TI Georgia's Report on Ad Market
Civil Georgia, Tbilisi / 13 Dec.'11 / 20:49

Georgia’s advertising market, characterized by a lack of competition, is dominated and controlled by a small but closely interlinked network of friends and business partners, thus having “high leverage over the development and sustainability of the Georgian media sector,” Transparency International Georgia said in its report.

The watchdog group’s report, released on December 13, is a research of the country’s advertising market and its key players, which also provides insight into how ad expenditures with its unsustainably low prices are distributed by sectors. (An interactive map of the market’s key players is available on the organization’s website).

“The fact that a number of key companies are controlled by relatives or close friends of current government officials or former high-level government/ruling party members raises not only questions about conflicts of interest, but also about competitiveness and political independence, potentially posing a major burden on the development of Georgia’s creative industry and media sector,” the report says.
“Davit Kezerashvili, who served as Georgia’s Defense Minister from 2006 to 2008, with the help of a network of close friends and family members, is widely believed to have taken control over large parts of the Georgian advertising sector,” according to the report.

The report found “numerous off-shore shell companies” operating on the Georgian ad market, which are registered in Panama and the British Virgin Islands to conceal ownership and financial flows.

TI Georgia estimated that the net advertising expenditure in Georgia in 2010 was between USD 43 and 46.5 million – that includes all the sectors of the market, involving TVs and radios, print and online media, outdoor advertisement. No exact figures for net ad expenditure are available, because while it’s easier to monitor gross ad spending (standing at GEL 192 million in 2009), which is calculated based on official ad price lists, discounts and special conditions offered to advertisers are only known to a media outlet and an advertiser.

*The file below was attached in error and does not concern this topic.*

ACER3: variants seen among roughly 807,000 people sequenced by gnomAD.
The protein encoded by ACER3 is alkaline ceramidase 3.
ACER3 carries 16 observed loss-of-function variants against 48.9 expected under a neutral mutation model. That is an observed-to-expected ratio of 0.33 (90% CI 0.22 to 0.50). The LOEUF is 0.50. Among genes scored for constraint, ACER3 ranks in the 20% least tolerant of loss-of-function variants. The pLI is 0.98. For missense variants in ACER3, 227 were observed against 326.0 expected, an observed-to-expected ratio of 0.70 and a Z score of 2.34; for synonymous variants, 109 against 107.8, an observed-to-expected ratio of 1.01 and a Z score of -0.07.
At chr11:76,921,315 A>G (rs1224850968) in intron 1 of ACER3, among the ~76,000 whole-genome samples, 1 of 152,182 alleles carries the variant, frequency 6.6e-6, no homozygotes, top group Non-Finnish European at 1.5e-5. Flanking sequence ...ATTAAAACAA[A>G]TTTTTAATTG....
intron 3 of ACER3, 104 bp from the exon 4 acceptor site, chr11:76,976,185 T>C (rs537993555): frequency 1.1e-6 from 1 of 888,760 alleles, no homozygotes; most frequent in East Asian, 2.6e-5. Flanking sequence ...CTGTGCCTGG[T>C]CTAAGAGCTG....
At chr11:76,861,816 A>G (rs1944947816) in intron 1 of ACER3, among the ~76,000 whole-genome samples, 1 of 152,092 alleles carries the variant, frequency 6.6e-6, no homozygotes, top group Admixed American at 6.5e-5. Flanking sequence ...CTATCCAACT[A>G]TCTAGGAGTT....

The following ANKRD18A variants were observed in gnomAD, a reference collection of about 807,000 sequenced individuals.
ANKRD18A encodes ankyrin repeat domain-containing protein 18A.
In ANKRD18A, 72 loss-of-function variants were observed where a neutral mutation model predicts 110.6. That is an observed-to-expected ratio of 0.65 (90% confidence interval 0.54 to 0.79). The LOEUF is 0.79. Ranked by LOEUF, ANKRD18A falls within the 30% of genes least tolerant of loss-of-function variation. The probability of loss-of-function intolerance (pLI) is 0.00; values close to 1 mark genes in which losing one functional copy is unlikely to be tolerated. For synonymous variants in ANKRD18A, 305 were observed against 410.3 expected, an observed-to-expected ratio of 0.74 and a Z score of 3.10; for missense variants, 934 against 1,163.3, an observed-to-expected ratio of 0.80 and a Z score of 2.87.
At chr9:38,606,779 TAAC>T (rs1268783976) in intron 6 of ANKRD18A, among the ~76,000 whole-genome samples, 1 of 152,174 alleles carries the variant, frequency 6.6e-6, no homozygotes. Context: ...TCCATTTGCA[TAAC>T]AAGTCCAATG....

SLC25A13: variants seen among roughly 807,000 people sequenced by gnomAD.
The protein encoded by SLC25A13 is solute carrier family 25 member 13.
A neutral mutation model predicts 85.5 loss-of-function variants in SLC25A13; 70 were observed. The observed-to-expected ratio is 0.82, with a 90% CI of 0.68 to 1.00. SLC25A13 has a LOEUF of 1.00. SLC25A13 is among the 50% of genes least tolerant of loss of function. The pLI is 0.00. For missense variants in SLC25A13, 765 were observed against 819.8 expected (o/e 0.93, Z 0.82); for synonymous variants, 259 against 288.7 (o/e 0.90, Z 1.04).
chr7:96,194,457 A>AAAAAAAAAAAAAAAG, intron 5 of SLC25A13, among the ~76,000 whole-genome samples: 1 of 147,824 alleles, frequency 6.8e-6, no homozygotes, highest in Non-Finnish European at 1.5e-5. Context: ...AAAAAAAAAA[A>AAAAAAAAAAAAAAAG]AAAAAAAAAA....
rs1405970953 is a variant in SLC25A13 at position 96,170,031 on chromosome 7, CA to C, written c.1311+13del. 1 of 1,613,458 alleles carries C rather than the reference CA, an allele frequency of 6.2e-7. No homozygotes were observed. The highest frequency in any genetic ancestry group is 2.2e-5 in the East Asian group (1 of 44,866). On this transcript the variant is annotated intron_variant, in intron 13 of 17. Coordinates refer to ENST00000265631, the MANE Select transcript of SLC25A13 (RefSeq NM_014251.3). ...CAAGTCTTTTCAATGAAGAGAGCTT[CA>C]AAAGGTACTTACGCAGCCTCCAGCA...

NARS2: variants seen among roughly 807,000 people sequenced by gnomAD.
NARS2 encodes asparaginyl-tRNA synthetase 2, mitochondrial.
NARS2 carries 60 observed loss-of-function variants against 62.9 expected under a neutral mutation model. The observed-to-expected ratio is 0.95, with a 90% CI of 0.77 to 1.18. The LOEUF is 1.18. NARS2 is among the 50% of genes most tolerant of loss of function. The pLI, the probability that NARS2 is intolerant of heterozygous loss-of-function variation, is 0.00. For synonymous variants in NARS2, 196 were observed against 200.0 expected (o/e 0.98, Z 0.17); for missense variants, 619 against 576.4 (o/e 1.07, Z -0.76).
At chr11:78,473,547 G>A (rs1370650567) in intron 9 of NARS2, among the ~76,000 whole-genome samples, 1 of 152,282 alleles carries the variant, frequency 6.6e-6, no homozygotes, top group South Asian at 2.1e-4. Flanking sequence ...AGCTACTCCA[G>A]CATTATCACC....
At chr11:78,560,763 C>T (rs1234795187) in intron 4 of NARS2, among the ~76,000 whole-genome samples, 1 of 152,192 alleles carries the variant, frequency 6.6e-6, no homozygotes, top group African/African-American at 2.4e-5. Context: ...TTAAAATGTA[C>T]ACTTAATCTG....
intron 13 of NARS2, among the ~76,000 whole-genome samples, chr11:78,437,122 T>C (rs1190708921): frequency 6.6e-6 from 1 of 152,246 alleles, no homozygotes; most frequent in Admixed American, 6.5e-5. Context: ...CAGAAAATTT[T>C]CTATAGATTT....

According to the report, television stations, which are Georgians’ dominant source of information on current events account for 78% of all advertising spending, followed by radio (7%); outdoor advertisement (6%); newspapers and magazines (4% each). The report estimated net online advertising between USD 500,000 and USD 1 million – the figure also includes ads displayed in internet search engines.

Two media sales houses dominated the country’s television ad market until the end of 2010 – Touch Media, an Imedi TV affiliated firm which was selling ad airtime for this broadcaster and Media House, selling ad slots for Rustavi 2 TV, another nationwide broadcaster. The report says that in early 2011 a new player emerged on the market as a result of “de-facto merger” of these two media sales houses – General Media, which has “a de-facto monopoly” with an exclusive right to sell ad slots on Imedi and Rustavi 2, as well as on Sakartvelo, Mze, Real TV and I Stereo TV stations. The report estimated that General Media controls about two-thirds of all TV advertising flows.

According to the report because of low costs for national television ads, there are little incentives for advertisers to move parts of their campaigns from Rustavi 2 and Imedi TV to smaller television stations or to radio and print media.

The report notes that advertising expenditures in Georgia are currently too small to support all existing media outlets and the larger part of them are not financially sustainable; there are only very few exceptions with media holding Palitra among them. Palitra incorporates five newspapers – including the weekly Kviris Palitra, boasting with the largest circulation in Georgia; eleven magazines; news agency InterPressNews; Tbilisi-based FM radio station Palitra; press distribution agency; book publishing business and printing houses, as well as a network of twenty five book stores; the same group runs eleven various websites.

“Not only small outlets in the regions, also major Tbilisi-based outlets, including the country’s largest outlet, Imedi TV, operate in the red,” according to the TI Georgia’s report.

According to the report ad market has a “significant growth” potential and if TV ad prices were allowed to rise gradually and economic growth in Georgia remains consistent, a real growth rate of advertising expenditure of 15 or 20% per year “seems achievable”. But the report also notes that some sector insiders and those working with independent outlets “painted a fairly bleak picture” about the sector’s mid-term development.

“Monopolization of the advertising sector, a lack of competition in several key sectors of the economy and political involvement and pressure on potential advertisers are undermining growth,” the report says.

It also says that in the private sector “a climate of self-censorship persists” with advertisers remaining reluctant to cooperate with outlets known for critical views, fearing negative consequences for their businesses.

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